With three years to go until the UN Millennium Development Goals’ 2015 target date, campaigners at Micah Challenge’s Voices for Justice event will seek to keep poverty alleviation high on the political agenda in the lead up to next year’s Federal election.
Voices for Justice, Micah Challenge’s four-day annual worship, training and lobbying event from September 15-18, will gather first-time and seasoned campaigners from all parts of the Christian church and take the cause of the poor into the halls of Parliament House.
“Each year it’s amazing to see Christians from all over the country put their faith into action by making personal and financial sacrifices to come to Canberra and speak out on behalf of the world’s poorest people,” says John Beckett, National Coordinator of Micah Challenge Australia.
In private meetings with MPs and Senators, anti-poverty advocates will specifically address the priority of maintaining a bipartisan commitment to lifting overseas aid to 0.5% of national income by 2016/17 and committing to the UN target of 0.7% by 2020 – which is 70c in every $100.
“In recent years we have seen our Government take some significant steps in the effort to alleviate global poverty, but there is still much to be done,” says Mr Beckett. “Australia is currently giving just 35 cents in every $100 dollars we make as a nation to overseas aid. In a world where more than 7 million children die before their fifth birthday each year from preventable causes, we can and should do more.”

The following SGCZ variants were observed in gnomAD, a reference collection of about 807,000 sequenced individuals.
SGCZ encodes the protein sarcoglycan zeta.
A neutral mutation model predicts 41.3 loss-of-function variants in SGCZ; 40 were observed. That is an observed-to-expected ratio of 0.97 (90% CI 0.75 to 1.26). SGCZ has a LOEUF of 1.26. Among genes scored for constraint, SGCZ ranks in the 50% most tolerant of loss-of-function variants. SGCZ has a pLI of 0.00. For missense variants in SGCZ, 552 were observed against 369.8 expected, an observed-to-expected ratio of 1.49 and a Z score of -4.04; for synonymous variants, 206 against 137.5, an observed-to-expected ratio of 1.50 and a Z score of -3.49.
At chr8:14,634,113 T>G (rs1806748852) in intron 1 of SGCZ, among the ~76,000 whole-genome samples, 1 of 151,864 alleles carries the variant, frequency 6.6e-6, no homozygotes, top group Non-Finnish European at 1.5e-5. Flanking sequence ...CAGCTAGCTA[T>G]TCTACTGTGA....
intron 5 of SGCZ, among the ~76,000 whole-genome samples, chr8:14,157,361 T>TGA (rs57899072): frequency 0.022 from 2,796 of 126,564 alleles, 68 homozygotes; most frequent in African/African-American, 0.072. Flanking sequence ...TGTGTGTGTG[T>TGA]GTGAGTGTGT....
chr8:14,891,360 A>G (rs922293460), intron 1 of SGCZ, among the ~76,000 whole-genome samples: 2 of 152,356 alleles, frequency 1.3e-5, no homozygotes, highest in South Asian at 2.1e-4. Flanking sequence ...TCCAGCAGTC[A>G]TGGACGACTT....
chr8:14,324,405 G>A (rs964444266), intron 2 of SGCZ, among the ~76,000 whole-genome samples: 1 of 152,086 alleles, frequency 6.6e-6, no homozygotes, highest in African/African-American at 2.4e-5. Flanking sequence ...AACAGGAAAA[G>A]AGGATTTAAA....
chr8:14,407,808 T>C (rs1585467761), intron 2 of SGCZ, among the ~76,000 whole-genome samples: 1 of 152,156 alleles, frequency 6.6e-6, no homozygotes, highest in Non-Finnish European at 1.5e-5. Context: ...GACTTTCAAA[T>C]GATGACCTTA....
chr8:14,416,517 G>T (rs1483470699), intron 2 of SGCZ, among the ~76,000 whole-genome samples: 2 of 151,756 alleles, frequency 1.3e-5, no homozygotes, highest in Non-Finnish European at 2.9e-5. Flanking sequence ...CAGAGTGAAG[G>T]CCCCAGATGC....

“If Australia is serious about halving global poverty by 2015, we need to finish what we started when we signed onto the Millennium Declaration in 2000 and significantly lift our game.”
Over the past five years, in response to the call of the Old Testament prophet Micah to do justice, love mercy and walk humbly with God, Voices for Justice participants have persistently called on Australia’s leaders to increase efforts to reduce extreme poverty.
These everyday Australians have contributed to specific policy changes that have saved tens of thousands of lives, including a debt-swap with Indonesia to increase investment in health, and greater investment in water and sanitation through Australia’s aid program.
Voices for Justice has become an annual event for seasoned campaigner Anne Camac, who has attended for the past five years.
“We have the chance to decrease suffering and poverty and we are only part-way through the work, so I can’t and don’t want to stop now,” says Mrs Camac.
This year’s Voices for Justice event also forms the launching pad for Micah Challenge’s ‘Finish the Race’ campaign which will engage Australian churches, schools and individuals over the coming year in a united effort to halve global poverty by 2015.
For more information, visit www.micahchallenge.org.au.